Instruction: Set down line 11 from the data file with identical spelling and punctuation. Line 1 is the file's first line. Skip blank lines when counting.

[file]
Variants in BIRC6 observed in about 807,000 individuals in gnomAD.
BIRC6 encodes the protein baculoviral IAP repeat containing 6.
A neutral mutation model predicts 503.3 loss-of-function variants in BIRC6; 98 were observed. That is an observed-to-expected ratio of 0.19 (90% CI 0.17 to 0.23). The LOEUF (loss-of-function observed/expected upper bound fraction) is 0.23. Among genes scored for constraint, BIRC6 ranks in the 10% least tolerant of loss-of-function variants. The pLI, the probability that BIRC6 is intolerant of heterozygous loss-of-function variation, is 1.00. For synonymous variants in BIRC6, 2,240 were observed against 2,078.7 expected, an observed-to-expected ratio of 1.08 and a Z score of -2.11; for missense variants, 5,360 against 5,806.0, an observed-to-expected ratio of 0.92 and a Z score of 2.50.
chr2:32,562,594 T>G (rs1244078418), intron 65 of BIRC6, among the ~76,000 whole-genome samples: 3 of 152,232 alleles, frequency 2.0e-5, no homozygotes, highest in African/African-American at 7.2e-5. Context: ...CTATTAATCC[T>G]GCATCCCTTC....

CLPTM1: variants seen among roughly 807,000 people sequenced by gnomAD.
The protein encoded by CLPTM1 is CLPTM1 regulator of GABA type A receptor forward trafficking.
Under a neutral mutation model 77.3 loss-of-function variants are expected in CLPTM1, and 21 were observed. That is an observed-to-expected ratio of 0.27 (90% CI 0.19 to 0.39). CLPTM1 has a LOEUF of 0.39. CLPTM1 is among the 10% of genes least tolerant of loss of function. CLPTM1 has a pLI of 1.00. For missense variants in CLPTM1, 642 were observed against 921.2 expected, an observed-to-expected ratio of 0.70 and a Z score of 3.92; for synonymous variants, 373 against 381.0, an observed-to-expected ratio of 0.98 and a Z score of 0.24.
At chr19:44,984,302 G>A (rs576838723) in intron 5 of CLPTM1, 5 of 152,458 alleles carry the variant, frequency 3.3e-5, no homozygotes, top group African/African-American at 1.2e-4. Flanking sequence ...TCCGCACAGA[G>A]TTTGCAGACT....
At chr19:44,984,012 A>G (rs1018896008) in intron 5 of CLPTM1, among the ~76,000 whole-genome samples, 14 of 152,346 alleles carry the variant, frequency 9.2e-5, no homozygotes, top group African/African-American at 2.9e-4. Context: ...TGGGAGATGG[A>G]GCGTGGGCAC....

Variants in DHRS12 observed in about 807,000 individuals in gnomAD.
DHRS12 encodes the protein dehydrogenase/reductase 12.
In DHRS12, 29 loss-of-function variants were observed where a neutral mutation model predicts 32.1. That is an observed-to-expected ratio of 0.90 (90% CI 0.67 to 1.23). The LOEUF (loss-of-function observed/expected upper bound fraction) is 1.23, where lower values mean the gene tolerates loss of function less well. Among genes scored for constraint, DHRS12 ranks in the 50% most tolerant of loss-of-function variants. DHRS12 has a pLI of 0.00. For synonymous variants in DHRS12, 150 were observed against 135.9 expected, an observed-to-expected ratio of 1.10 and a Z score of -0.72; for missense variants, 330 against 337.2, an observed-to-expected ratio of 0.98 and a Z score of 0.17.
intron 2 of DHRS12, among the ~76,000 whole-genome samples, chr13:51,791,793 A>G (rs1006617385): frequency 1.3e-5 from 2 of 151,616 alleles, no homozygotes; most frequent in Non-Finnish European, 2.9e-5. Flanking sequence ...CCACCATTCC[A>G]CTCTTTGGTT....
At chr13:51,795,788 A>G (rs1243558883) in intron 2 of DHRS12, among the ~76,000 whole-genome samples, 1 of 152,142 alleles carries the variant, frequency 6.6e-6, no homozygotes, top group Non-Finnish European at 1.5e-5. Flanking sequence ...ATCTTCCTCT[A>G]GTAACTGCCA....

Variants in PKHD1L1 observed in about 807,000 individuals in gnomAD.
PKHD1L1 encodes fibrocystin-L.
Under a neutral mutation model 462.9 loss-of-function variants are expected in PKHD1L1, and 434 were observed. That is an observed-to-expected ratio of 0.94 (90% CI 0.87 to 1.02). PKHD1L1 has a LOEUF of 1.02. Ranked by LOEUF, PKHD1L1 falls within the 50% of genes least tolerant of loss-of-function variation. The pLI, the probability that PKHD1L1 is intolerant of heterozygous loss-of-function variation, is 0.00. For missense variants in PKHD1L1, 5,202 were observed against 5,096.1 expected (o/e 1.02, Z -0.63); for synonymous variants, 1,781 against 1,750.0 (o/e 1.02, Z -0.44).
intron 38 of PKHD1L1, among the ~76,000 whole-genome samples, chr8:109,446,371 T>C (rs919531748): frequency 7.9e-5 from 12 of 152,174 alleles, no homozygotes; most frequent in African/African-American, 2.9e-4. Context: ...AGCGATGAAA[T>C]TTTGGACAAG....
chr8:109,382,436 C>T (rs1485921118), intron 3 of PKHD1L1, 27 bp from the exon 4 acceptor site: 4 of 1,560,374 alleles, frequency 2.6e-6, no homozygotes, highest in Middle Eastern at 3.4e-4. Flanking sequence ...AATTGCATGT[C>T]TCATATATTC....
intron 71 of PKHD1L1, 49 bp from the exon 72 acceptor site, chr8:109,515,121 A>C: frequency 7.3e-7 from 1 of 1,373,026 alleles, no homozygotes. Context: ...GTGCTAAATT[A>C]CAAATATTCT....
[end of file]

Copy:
DHRS12 encodes the protein dehydrogenase/reductase 12.